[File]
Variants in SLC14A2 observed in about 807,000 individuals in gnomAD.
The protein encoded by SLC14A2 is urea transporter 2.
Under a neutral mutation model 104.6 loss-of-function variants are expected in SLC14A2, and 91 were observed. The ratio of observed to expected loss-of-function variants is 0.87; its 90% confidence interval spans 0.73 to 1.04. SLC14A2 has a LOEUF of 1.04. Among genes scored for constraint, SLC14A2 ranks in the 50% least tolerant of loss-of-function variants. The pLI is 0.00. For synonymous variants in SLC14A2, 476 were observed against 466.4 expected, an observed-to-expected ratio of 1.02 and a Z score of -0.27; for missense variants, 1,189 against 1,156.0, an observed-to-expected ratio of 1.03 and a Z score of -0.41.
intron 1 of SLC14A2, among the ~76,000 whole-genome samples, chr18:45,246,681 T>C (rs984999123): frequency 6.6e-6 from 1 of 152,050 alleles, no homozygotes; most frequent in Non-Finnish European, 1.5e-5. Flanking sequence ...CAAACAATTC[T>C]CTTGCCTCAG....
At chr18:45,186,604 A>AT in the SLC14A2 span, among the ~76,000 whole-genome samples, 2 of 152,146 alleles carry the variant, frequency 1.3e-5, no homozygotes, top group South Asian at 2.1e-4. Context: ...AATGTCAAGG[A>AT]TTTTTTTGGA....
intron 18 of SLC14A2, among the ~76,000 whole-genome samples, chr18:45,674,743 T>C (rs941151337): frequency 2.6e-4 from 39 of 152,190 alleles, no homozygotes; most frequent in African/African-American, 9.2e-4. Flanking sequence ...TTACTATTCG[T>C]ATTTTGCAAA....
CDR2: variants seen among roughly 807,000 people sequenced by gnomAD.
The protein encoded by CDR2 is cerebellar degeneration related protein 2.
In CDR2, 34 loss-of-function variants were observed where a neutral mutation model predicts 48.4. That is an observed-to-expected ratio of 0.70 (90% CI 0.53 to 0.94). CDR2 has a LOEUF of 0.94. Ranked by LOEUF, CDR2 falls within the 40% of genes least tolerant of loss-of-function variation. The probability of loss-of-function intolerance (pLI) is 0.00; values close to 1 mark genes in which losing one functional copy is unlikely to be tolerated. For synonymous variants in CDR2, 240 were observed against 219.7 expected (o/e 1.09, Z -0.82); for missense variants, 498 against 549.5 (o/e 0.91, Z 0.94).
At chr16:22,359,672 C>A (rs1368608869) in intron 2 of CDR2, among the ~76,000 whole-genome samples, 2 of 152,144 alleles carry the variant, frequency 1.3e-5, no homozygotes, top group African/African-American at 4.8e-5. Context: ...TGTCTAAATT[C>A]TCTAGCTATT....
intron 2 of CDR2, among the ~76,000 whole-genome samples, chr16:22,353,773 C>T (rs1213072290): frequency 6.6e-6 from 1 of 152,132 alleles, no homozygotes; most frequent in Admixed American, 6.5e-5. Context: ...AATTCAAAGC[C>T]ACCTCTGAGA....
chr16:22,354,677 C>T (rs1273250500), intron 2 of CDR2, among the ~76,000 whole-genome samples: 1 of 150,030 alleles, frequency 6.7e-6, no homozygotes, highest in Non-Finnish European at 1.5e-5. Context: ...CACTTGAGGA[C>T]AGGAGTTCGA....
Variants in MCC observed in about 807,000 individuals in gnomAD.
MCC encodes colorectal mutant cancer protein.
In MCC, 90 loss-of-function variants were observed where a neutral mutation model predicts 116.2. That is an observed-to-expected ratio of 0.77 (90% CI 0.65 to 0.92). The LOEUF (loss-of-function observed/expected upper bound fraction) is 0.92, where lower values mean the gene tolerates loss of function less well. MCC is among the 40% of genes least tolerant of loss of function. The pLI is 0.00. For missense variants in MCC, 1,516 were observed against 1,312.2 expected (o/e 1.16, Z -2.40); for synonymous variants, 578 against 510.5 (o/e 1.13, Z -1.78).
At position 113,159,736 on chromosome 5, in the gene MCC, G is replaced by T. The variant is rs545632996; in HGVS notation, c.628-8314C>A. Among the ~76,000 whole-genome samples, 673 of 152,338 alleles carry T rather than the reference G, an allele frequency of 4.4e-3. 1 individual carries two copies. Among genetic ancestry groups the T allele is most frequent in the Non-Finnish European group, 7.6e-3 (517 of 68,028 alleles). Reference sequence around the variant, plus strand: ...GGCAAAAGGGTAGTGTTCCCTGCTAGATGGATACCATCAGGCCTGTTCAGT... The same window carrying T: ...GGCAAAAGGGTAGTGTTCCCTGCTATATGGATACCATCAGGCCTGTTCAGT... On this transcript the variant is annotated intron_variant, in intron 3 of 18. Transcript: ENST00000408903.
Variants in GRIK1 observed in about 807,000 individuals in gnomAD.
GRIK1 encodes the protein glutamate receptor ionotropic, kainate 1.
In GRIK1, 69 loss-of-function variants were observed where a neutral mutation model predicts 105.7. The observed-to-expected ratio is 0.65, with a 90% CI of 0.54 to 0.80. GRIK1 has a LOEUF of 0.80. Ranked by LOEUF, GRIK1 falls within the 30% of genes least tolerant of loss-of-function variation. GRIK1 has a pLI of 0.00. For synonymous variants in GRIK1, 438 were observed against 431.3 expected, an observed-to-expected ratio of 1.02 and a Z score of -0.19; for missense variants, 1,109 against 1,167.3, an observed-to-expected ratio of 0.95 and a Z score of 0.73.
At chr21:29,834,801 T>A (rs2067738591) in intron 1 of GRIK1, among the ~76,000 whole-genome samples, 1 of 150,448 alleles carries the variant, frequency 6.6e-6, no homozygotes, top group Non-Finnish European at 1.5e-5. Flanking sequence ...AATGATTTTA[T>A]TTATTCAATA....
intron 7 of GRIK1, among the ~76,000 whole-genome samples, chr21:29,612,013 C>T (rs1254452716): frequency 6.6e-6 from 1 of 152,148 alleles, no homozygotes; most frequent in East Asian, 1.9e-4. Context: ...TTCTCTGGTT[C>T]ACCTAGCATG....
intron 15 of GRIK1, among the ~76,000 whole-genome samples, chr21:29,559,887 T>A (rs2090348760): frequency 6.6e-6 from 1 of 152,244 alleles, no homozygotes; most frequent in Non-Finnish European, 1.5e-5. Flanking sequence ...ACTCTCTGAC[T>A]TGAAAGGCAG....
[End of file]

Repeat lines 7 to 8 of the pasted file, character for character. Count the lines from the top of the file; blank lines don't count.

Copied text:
CDR2: variants seen among roughly 807,000 people sequenced by gnomAD.
The protein encoded by CDR2 is cerebellar degeneration related protein 2.